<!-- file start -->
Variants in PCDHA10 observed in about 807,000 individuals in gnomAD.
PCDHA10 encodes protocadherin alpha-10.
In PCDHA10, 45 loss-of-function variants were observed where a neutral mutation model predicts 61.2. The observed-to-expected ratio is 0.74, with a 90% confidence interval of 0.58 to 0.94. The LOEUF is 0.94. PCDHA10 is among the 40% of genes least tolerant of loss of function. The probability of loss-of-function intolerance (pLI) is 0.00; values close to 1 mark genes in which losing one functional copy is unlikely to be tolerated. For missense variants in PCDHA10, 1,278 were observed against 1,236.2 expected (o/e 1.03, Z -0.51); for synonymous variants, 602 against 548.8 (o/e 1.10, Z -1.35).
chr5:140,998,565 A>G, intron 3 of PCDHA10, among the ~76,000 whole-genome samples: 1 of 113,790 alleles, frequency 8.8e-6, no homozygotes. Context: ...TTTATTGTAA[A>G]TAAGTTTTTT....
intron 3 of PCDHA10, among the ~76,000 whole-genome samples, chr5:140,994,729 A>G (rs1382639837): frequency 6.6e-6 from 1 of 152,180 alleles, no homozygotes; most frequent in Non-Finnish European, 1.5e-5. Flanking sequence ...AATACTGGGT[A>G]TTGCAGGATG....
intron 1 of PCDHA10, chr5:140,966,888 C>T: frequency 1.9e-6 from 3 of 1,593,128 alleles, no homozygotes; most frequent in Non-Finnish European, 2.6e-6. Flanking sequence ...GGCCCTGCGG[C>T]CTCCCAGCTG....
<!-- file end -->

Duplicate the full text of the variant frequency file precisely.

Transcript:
Variants in PCDHA10 observed in about 807,000 individuals in gnomAD.
PCDHA10 encodes protocadherin alpha-10.
In PCDHA10, 45 loss-of-function variants were observed where a neutral mutation model predicts 61.2. The observed-to-expected ratio is 0.74, with a 90% confidence interval of 0.58 to 0.94. The LOEUF is 0.94. PCDHA10 is among the 40% of genes least tolerant of loss of function. The probability of loss-of-function intolerance (pLI) is 0.00; values close to 1 mark genes in which losing one functional copy is unlikely to be tolerated. For missense variants in PCDHA10, 1,278 were observed against 1,236.2 expected (o/e 1.03, Z -0.51); for synonymous variants, 602 against 548.8 (o/e 1.10, Z -1.35).
chr5:140,998,565 A>G, intron 3 of PCDHA10, among the ~76,000 whole-genome samples: 1 of 113,790 alleles, frequency 8.8e-6, no homozygotes. Context: ...TTTATTGTAA[A>G]TAAGTTTTTT....
intron 3 of PCDHA10, among the ~76,000 whole-genome samples, chr5:140,994,729 A>G (rs1382639837): frequency 6.6e-6 from 1 of 152,180 alleles, no homozygotes; most frequent in Non-Finnish European, 1.5e-5. Flanking sequence ...AATACTGGGT[A>G]TTGCAGGATG....
intron 1 of PCDHA10, chr5:140,966,888 C>T: frequency 1.9e-6 from 3 of 1,593,128 alleles, no homozygotes; most frequent in Non-Finnish European, 2.6e-6. Flanking sequence ...GGCCCTGCGG[C>T]CTCCCAGCTG....